No. 129, February, 2010
Wandering and Restless Milk Cans
By Delores Miller
Since the beginning of the dairy industry in Wisconsin about 1900, containers were needed to transport the milk to the cheese factory. Separators were first used to divide the cream from the whey, and small cans were hoisted and transported by horse and buggy to the cheese factory. The first whole milk cans were receptacles were a twenty gallon can that took two people to lift on the buggy for the horse to haul to the factory.
Next came the ten gallon galvanized tin cans which weighed 15 pounds plus the 80 pounds of milk, making a mighty heaving load for one person to hoist up to the milk truck that came daily to the farms. The milk truck drivers were admired for their strength of hefting all those cans. Mike Polzin was our milk truck driver, we rode along to Sunrise School with him, a whole mess of us kids. Ray Draeger and Duane Miller were other drivers.
The Zillmer family shipped their milk to the Quarterline Cheese Factory with Harold, Elda and Jane Brown as Cheese Makers. Other factories in Dupont were Maple Valley, Green Valley, Spring Brook (by Elmer Piehls), and the South Dupont cheese factory which now in 2010 is still making good colby cheese and fresh cheese curds two days a week.
So in Wisconsin alone there must have been a million milk cans left over from those early days before pipe lines and bulk milk trucks holding 5000 gallons of milk. Oh, how different from the 8 gallons in a milk can.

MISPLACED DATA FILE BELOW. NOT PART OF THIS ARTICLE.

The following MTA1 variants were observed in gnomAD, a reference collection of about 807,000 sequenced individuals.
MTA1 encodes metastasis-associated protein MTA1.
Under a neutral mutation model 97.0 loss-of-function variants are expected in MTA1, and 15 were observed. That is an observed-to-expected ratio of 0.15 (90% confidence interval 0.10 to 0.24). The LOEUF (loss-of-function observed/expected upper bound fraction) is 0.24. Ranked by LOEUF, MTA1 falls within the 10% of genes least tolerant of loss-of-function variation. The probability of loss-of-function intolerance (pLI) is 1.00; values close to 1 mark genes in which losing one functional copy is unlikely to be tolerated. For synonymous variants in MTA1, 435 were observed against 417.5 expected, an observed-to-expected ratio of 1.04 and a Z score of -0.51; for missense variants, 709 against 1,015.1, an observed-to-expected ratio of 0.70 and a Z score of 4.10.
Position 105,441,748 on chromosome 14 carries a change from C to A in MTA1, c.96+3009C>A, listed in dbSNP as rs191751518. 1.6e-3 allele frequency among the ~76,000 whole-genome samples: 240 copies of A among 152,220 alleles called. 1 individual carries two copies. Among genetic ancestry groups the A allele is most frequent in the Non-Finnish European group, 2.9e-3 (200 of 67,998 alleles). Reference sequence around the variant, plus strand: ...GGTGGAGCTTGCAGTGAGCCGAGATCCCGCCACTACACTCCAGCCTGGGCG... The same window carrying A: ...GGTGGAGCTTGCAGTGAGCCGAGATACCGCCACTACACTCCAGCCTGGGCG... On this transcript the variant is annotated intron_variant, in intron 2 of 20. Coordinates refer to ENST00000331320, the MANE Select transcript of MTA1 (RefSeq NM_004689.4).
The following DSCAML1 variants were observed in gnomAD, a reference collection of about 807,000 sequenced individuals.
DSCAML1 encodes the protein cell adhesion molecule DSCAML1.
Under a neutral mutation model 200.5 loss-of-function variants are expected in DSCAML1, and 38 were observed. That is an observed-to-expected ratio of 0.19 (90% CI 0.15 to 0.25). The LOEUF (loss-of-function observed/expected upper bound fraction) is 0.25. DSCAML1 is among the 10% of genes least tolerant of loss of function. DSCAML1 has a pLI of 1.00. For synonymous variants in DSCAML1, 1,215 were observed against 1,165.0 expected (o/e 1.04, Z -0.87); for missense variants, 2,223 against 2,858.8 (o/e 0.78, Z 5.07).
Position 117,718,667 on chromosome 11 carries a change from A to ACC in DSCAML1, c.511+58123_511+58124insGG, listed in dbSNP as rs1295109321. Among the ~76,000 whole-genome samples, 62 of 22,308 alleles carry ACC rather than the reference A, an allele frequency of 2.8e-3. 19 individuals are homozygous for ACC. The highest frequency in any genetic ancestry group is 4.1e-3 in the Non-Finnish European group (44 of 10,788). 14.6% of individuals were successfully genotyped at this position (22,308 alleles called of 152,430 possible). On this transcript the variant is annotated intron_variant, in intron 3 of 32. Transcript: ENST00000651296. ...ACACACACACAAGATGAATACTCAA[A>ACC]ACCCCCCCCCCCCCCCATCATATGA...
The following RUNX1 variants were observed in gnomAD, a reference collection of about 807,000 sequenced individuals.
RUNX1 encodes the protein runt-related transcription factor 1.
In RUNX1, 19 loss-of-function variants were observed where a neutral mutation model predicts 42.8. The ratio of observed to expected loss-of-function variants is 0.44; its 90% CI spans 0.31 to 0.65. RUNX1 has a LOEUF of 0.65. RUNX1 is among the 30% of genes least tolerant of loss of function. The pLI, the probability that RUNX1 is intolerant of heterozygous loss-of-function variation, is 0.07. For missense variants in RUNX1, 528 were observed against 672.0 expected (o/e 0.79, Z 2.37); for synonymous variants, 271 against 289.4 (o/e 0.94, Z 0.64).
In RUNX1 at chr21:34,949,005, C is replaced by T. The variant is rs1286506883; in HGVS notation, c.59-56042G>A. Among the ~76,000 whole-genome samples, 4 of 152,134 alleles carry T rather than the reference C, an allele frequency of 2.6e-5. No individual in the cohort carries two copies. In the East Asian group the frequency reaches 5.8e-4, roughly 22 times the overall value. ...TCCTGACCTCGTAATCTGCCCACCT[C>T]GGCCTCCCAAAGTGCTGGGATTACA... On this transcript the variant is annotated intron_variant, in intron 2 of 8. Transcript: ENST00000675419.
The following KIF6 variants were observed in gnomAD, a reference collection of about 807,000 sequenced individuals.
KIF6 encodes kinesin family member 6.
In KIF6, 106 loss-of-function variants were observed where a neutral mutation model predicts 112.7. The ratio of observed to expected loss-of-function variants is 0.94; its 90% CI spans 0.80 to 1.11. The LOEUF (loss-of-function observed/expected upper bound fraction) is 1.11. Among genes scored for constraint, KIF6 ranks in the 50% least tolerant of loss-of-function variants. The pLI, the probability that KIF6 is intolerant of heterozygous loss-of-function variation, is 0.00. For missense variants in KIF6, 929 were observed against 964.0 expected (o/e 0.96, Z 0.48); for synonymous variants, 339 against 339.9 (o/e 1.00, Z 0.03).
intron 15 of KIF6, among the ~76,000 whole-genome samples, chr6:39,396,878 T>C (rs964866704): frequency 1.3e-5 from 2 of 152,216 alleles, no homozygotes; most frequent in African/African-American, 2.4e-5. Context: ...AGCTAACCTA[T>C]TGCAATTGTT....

I never thought to ask for a milk can when I left the childhood Zillmer farm. Russell inherited all his father's milk cans, and they have been divided amongst our 5 children and nieces and nephews. Massachusetts, Wisconsin, Missouri and Arizona these milk cans are gracing living rooms, reminding them of the early heritage of dairy farming. They are good receptacles for holding valuables.
Aunt Wilma Lembke and Uncle Clarence on one of their Wisconsin visits begged a Zillmer milk can. They hauled it over the rivers, deserts and mountains to California. Decorated with yellow painted daisy and sunflowers. For 40 years it graced their living room.
Alas, Uncle Clarence died in 1979, Wilma downsized in 2004 to a Military Veteran's home in Napa Valley, California. Needing to get rid of the Wisconsin Milk Can. She packed it up, UPS delivered over the mountains, rivers and deserts to the Miller house doorstep in Hortonville where it sits in our living room, reminding me of the Zillmer farm of the 1940s.
Our son Keith is a 4th grade teacher in Evansville. In social studies he asked the students to bring an artifact and Keith brought his milk can which sits in his living room. Ninety-eight percent didn't have a clue what it was. They did ask good questions about it, which was most of the point of the lesson.
copyright 2010, Russell and Delores Miller